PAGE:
Editorial: Voters will decide value of 'man ban'

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Dated move at least offers clear point of difference.

Labour Party leader David Shearer. Photo / Mark Mitchell
Labour Party leader David Shearer. Photo / Mark Mitchell

Just when the country imagined women were doing well in politics, particularly in the Labour Party, the party's organisational wing says they are not. It is so worried that women do not yet fill half the party's seats in Parliament it might allow electorates to ban males from selection as the Labour candidate. Predictably, the "man ban" has been ridiculed from all sides but if Labour wants to do it, why not?

The party's former president Mike Williams offered one reason: "It's discrimination, there are human rights issues." Certainly it is discrimination, the kind of "positive discrimination" that Labour parties believe in. Another red-blooded male, MP Shane Jones, said, "Last time I checked it was the blue-collar, tradie, blokey voters we were missing", implying they will not vote for a woman.

He might be right but he is about 30 years too late. It was at least that long since the Labour Party began recruiting women candidates in earnest.

It appointed a succession of women as president of the party. A decade later it had a woman leading the party and within a few years she was Prime Minister.

By then the National Party had given the country a woman Finance Minister and its first woman Prime Minister. The nation has had two women as Governor-General, has women at the head of almost all levels of the judiciary today, women leading government departments and featuring high on the party lists of all parties in Parliament. This is a battle Labour women have led and won.

But they do not appear to know it. They have set a goal of a 50-50 gender balance in their caucus and women make up only 41 per cent so far. To reach perfect equilibrium by the election after next, they may need to turn away good men. Local electorate committees may be able to seek permission of the party's New Zealand council to say that only women need apply for their selection.

If this is repugnant to the meaning of equal opportunity in most people's minds, it is not foreign to Labour thinking. While the public has not heard of a "man ban" before, it is quite likely that something close to it has been informally operated in party selections for many years.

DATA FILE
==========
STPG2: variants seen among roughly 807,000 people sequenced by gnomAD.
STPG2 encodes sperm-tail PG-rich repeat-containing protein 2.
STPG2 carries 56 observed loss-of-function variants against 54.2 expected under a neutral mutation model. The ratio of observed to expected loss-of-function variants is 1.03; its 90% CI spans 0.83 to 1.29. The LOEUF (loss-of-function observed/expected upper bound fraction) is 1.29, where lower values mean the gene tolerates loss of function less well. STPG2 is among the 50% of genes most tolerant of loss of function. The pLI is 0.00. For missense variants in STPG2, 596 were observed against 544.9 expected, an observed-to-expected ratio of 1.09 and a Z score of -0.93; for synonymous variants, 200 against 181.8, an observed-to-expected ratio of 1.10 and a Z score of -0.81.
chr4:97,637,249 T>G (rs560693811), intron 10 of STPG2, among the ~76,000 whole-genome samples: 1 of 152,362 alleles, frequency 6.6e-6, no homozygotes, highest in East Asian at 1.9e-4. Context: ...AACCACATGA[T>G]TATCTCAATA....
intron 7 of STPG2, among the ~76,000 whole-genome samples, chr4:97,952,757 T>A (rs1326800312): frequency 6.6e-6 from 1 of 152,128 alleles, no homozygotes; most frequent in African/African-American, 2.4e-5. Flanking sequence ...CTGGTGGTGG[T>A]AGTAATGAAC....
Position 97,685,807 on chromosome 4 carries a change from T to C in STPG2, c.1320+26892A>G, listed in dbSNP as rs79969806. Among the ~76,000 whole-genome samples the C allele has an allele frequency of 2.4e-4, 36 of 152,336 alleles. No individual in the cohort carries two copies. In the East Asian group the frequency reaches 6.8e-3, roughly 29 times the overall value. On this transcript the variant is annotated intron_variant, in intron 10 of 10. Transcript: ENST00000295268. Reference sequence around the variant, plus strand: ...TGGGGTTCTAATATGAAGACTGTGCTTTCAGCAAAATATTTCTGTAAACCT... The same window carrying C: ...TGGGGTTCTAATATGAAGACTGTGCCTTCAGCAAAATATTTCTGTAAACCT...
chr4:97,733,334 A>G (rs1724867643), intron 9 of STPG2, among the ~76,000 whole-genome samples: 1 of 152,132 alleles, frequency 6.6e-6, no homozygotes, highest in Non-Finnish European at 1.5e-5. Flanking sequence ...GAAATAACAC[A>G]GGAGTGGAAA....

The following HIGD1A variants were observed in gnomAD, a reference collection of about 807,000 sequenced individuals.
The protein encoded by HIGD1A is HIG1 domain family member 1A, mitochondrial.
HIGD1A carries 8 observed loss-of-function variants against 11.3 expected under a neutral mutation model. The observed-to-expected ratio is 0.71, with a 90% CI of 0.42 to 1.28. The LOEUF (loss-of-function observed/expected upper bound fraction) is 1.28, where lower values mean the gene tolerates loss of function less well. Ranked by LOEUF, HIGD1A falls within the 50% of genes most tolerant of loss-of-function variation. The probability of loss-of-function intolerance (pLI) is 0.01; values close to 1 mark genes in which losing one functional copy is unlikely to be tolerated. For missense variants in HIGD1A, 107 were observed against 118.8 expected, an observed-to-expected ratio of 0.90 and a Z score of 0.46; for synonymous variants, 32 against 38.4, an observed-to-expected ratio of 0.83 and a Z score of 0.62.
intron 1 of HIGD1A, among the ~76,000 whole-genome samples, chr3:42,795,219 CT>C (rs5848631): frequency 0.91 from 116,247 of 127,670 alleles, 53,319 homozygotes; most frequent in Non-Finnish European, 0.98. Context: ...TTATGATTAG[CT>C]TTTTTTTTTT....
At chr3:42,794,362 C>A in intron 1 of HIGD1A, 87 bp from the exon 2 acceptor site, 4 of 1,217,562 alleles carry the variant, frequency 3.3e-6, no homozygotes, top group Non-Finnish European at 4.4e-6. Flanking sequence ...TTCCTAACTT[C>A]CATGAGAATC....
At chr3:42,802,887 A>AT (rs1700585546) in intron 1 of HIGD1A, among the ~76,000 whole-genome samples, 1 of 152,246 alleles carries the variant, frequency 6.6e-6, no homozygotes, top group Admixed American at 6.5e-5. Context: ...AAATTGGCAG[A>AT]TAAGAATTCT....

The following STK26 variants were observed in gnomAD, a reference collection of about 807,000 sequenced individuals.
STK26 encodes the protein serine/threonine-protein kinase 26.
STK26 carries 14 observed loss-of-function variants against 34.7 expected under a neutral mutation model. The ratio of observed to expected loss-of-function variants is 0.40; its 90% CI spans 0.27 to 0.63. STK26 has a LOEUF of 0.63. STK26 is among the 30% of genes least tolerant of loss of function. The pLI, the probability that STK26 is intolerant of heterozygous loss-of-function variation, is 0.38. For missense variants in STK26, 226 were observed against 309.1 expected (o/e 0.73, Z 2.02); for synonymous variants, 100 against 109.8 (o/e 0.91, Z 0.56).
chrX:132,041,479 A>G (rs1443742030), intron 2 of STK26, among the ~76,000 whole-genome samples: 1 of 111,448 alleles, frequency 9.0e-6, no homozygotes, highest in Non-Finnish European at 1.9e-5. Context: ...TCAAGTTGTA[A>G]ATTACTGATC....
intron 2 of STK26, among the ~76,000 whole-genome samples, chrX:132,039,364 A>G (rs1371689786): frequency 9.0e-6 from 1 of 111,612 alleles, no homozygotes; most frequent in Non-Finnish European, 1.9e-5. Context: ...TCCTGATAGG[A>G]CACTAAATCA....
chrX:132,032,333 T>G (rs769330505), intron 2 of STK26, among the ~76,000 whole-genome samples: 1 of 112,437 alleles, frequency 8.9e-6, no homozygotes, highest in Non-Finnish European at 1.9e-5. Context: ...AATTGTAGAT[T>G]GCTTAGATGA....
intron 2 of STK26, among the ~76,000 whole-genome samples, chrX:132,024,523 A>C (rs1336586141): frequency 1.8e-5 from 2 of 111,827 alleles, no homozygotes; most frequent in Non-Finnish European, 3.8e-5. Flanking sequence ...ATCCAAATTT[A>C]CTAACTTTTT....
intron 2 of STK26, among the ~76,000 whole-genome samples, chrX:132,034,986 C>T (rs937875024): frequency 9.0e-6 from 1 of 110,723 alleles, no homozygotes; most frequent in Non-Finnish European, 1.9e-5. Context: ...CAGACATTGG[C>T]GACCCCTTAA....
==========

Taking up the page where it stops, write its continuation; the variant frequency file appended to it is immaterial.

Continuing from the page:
Positive discrimination is central to the philosophy and character of the Labour Party. It does not believe in equal opportunity but in equal outcomes, which it believes require the playing field to be tilted in favour of those disadvantaged by race, gender or relative poverty. The "man ban", even if the executive backs away from the idea in public, is a good defining issue for voters.

To anybody who shares Labour's belief that women are inherently disadvantaged in competition with men, an idea as drastic as the "man ban" will show how determined a Labour government would be to address remaining gender imbalances in all walks of life. To those who believe women can hold their own in any company these days, it will be a warning.

If positive discrimination is no longer needed its continued use is unfair to the very women it assists. It says they could not have reached their position without it, and that men more capable than them have been barred at the door.

The calibre of women in the Labour caucus does not suggest they needed a "man ban". If such a device is needed to reach perfect equilibrium, the party's female talent pool must be running down.

There is no point objecting, it is Labour's business, Labour's badge of honour or dishonour depending on point of view. Labour will bear the plaudits or the consequences.

Debate on this article is now closed.

- NZ Herald

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